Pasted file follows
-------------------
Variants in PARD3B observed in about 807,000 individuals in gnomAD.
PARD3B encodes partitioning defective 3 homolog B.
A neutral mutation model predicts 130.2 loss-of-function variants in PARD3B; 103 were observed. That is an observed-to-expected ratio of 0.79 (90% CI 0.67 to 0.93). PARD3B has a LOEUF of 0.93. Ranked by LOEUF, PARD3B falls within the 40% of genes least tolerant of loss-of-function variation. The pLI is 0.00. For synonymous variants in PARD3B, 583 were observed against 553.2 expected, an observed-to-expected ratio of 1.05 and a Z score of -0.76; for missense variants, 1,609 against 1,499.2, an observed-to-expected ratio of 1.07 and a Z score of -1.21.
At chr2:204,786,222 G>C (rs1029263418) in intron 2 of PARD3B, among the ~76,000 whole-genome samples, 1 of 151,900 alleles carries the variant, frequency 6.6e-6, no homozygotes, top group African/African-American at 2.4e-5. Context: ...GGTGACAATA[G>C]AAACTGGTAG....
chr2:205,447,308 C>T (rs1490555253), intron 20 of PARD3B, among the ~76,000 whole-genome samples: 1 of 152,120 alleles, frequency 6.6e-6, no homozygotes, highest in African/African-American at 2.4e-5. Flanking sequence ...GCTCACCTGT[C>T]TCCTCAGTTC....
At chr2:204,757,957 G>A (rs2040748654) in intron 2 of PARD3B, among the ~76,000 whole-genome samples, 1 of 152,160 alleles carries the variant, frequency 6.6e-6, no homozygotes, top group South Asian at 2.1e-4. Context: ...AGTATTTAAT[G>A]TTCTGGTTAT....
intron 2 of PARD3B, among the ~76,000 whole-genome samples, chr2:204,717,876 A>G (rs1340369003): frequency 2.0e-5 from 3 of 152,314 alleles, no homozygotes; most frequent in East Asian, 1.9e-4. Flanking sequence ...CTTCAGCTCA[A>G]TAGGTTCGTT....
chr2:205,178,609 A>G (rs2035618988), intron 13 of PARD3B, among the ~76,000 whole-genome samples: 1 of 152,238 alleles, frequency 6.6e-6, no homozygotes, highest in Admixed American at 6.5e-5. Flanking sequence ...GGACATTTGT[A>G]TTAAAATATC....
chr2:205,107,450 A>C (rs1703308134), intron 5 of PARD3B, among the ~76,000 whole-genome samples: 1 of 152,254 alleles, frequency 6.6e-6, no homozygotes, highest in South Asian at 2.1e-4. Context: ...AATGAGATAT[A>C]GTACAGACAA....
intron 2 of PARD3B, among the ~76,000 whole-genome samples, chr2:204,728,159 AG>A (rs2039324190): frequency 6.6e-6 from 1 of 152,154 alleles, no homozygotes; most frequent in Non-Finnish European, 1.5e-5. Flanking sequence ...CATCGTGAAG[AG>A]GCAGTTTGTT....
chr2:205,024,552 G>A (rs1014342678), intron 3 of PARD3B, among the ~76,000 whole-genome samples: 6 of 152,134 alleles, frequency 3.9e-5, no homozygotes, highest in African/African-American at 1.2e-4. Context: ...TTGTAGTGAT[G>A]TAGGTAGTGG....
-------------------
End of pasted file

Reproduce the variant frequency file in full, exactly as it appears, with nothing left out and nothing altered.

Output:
Variants in PARD3B observed in about 807,000 individuals in gnomAD.
PARD3B encodes partitioning defective 3 homolog B.
A neutral mutation model predicts 130.2 loss-of-function variants in PARD3B; 103 were observed. That is an observed-to-expected ratio of 0.79 (90% CI 0.67 to 0.93). PARD3B has a LOEUF of 0.93. Ranked by LOEUF, PARD3B falls within the 40% of genes least tolerant of loss-of-function variation. The pLI is 0.00. For synonymous variants in PARD3B, 583 were observed against 553.2 expected, an observed-to-expected ratio of 1.05 and a Z score of -0.76; for missense variants, 1,609 against 1,499.2, an observed-to-expected ratio of 1.07 and a Z score of -1.21.
At chr2:204,786,222 G>C (rs1029263418) in intron 2 of PARD3B, among the ~76,000 whole-genome samples, 1 of 151,900 alleles carries the variant, frequency 6.6e-6, no homozygotes, top group African/African-American at 2.4e-5. Context: ...GGTGACAATA[G>C]AAACTGGTAG....
chr2:205,447,308 C>T (rs1490555253), intron 20 of PARD3B, among the ~76,000 whole-genome samples: 1 of 152,120 alleles, frequency 6.6e-6, no homozygotes, highest in African/African-American at 2.4e-5. Flanking sequence ...GCTCACCTGT[C>T]TCCTCAGTTC....
At chr2:204,757,957 G>A (rs2040748654) in intron 2 of PARD3B, among the ~76,000 whole-genome samples, 1 of 152,160 alleles carries the variant, frequency 6.6e-6, no homozygotes, top group South Asian at 2.1e-4. Context: ...AGTATTTAAT[G>A]TTCTGGTTAT....
intron 2 of PARD3B, among the ~76,000 whole-genome samples, chr2:204,717,876 A>G (rs1340369003): frequency 2.0e-5 from 3 of 152,314 alleles, no homozygotes; most frequent in East Asian, 1.9e-4. Flanking sequence ...CTTCAGCTCA[A>G]TAGGTTCGTT....
chr2:205,178,609 A>G (rs2035618988), intron 13 of PARD3B, among the ~76,000 whole-genome samples: 1 of 152,238 alleles, frequency 6.6e-6, no homozygotes, highest in Admixed American at 6.5e-5. Flanking sequence ...GGACATTTGT[A>G]TTAAAATATC....
chr2:205,107,450 A>C (rs1703308134), intron 5 of PARD3B, among the ~76,000 whole-genome samples: 1 of 152,254 alleles, frequency 6.6e-6, no homozygotes, highest in South Asian at 2.1e-4. Context: ...AATGAGATAT[A>C]GTACAGACAA....
intron 2 of PARD3B, among the ~76,000 whole-genome samples, chr2:204,728,159 AG>A (rs2039324190): frequency 6.6e-6 from 1 of 152,154 alleles, no homozygotes; most frequent in Non-Finnish European, 1.5e-5. Flanking sequence ...CATCGTGAAG[AG>A]GCAGTTTGTT....
chr2:205,024,552 G>A (rs1014342678), intron 3 of PARD3B, among the ~76,000 whole-genome samples: 6 of 152,134 alleles, frequency 3.9e-5, no homozygotes, highest in African/African-American at 1.2e-4. Context: ...TTGTAGTGAT[G>A]TAGGTAGTGG....